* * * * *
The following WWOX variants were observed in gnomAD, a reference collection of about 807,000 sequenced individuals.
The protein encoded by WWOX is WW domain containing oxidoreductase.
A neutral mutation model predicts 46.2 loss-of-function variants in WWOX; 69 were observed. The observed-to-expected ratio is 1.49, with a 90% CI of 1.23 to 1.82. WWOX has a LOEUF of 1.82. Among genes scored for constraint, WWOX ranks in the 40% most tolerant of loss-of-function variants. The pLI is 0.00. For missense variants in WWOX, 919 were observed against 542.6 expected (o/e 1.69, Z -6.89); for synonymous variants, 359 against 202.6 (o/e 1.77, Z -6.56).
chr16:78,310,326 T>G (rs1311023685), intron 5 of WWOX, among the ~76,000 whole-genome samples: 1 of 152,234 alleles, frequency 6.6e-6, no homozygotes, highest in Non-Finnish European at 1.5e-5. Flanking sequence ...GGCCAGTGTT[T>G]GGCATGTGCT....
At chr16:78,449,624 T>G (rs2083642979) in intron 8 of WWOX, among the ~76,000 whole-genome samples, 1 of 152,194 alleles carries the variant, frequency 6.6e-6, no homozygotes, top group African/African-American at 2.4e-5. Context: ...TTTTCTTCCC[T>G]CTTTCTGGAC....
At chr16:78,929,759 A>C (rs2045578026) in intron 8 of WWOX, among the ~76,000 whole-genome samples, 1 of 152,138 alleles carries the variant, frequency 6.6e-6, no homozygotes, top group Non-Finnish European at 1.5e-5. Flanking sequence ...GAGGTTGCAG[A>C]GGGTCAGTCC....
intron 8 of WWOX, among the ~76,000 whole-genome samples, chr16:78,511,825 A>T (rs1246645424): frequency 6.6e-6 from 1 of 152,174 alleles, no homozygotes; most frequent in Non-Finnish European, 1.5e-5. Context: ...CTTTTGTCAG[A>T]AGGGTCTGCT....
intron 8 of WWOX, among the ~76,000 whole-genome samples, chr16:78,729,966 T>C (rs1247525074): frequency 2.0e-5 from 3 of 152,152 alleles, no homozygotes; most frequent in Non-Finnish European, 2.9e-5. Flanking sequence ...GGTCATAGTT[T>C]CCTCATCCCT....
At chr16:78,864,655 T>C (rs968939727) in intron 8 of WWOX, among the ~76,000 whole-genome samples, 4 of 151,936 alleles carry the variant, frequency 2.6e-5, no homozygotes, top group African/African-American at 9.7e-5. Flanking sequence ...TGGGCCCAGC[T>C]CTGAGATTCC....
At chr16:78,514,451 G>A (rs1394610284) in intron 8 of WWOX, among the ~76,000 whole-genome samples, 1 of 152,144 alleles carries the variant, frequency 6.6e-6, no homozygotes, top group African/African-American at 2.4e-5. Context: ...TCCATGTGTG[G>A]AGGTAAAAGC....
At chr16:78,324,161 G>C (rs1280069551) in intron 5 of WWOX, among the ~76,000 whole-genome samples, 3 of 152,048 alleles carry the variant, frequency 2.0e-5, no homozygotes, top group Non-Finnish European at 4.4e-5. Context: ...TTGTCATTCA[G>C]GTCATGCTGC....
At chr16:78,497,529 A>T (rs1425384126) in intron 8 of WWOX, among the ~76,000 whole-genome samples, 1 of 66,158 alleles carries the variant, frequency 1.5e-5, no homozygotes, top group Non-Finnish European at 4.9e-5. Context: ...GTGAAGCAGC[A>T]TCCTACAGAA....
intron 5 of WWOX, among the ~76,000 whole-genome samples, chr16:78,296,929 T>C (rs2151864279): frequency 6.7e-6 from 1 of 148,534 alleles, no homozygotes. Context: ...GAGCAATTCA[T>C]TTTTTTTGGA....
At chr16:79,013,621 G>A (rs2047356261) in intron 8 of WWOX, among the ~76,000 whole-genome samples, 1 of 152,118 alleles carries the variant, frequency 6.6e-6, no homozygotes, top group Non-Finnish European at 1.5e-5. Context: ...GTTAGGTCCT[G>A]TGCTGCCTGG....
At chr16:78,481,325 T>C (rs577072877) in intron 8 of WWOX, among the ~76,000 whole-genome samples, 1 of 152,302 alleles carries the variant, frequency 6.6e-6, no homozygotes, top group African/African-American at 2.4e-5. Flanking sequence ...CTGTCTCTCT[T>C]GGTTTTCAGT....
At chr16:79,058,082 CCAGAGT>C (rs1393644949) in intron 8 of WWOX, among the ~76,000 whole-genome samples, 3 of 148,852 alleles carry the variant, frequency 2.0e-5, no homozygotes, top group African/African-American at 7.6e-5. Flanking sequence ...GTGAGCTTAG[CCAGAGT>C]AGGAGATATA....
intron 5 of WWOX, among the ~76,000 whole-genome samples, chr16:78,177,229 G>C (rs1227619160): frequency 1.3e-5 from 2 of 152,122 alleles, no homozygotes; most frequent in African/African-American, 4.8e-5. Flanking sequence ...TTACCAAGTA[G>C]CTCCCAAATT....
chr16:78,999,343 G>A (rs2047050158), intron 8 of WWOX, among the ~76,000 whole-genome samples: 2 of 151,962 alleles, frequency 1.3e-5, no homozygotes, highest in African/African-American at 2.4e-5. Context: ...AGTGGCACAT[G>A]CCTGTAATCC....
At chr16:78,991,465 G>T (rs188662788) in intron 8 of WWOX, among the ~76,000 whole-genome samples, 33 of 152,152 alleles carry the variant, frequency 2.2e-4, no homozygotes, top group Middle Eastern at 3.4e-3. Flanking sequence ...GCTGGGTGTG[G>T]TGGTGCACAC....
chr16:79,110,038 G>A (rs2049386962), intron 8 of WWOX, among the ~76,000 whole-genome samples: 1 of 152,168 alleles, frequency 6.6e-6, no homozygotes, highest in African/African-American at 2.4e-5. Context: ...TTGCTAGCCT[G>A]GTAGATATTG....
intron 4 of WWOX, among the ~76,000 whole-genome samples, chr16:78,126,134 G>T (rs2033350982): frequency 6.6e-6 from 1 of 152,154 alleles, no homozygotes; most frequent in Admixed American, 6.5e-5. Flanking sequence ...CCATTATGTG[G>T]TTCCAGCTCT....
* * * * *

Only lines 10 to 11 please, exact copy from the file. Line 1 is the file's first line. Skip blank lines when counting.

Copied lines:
At chr16:78,514,451 G>A (rs1394610284) in intron 8 of WWOX, among the ~76,000 whole-genome samples, 1 of 152,144 alleles carries the variant, frequency 6.6e-6, no homozygotes, top group African/African-American at 2.4e-5. Context: ...TCCATGTGTG[G>A]AGGTAAAAGC....
At chr16:78,324,161 G>C (rs1280069551) in intron 5 of WWOX, among the ~76,000 whole-genome samples, 3 of 152,048 alleles carry the variant, frequency 2.0e-5, no homozygotes, top group Non-Finnish European at 4.4e-5. Context: ...TTGTCATTCA[G>C]GTCATGCTGC....